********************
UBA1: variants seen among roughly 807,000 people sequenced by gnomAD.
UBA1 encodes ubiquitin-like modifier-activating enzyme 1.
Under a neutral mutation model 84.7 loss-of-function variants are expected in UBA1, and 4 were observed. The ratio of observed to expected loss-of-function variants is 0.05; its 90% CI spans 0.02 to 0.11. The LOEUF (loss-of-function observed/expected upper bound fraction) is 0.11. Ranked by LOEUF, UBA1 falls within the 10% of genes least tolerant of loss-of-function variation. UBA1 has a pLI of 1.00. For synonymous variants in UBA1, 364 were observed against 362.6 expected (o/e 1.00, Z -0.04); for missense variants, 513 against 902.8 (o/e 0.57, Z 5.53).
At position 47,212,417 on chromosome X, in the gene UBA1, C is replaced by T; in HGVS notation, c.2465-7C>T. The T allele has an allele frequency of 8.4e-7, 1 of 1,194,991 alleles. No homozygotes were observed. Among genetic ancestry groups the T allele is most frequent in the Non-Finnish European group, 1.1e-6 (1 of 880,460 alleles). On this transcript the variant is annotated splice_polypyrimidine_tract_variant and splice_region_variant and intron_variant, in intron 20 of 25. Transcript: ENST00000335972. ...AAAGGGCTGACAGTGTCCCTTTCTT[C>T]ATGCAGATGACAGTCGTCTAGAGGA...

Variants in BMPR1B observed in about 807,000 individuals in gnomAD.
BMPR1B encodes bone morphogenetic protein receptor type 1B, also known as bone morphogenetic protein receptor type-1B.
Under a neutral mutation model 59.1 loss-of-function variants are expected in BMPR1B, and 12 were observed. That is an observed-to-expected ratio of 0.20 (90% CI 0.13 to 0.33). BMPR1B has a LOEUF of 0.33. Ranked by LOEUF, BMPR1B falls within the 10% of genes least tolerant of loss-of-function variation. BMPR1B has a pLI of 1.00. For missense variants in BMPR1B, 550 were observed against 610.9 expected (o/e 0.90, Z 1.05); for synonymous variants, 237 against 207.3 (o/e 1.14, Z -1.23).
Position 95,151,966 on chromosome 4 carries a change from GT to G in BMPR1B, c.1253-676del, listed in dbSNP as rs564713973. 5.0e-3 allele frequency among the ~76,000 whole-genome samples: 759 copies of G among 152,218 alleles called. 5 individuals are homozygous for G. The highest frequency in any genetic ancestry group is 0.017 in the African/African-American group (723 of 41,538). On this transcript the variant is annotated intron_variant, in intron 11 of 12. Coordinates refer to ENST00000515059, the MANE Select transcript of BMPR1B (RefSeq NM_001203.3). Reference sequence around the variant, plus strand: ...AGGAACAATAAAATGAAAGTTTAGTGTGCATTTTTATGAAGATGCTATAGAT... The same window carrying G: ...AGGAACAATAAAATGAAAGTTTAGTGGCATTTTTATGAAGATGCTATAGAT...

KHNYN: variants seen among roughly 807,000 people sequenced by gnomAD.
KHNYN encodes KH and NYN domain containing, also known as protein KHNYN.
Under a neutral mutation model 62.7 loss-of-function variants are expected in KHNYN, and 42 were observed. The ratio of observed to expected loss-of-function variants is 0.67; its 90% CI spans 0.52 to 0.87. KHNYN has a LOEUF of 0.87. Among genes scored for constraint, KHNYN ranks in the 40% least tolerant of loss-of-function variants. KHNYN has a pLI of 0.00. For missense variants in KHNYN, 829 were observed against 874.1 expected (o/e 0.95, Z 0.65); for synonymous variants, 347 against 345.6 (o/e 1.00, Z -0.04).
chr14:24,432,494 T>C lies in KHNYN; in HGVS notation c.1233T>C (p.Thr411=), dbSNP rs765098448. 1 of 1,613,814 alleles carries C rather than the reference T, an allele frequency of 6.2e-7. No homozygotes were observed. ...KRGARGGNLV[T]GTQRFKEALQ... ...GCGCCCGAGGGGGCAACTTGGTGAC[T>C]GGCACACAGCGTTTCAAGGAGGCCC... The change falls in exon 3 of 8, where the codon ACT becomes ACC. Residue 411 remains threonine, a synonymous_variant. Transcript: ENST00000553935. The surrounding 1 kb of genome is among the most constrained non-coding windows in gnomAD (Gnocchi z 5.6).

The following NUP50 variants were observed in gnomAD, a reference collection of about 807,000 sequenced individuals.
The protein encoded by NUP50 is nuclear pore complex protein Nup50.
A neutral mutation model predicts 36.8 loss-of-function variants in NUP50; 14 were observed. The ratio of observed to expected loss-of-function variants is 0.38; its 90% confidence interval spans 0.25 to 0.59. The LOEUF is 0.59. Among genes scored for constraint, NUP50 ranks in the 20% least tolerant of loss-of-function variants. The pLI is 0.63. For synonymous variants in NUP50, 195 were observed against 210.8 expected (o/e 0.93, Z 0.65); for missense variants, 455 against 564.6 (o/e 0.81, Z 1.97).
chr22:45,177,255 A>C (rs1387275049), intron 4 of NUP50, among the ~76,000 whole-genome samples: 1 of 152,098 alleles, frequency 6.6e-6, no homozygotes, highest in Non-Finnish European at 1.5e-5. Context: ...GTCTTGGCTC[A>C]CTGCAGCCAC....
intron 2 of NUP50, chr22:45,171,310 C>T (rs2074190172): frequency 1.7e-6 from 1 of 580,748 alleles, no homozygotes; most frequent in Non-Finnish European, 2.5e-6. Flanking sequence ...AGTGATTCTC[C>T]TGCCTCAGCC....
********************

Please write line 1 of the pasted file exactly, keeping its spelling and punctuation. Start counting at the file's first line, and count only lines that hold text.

UBA1: variants seen among roughly 807,000 people sequenced by gnomAD.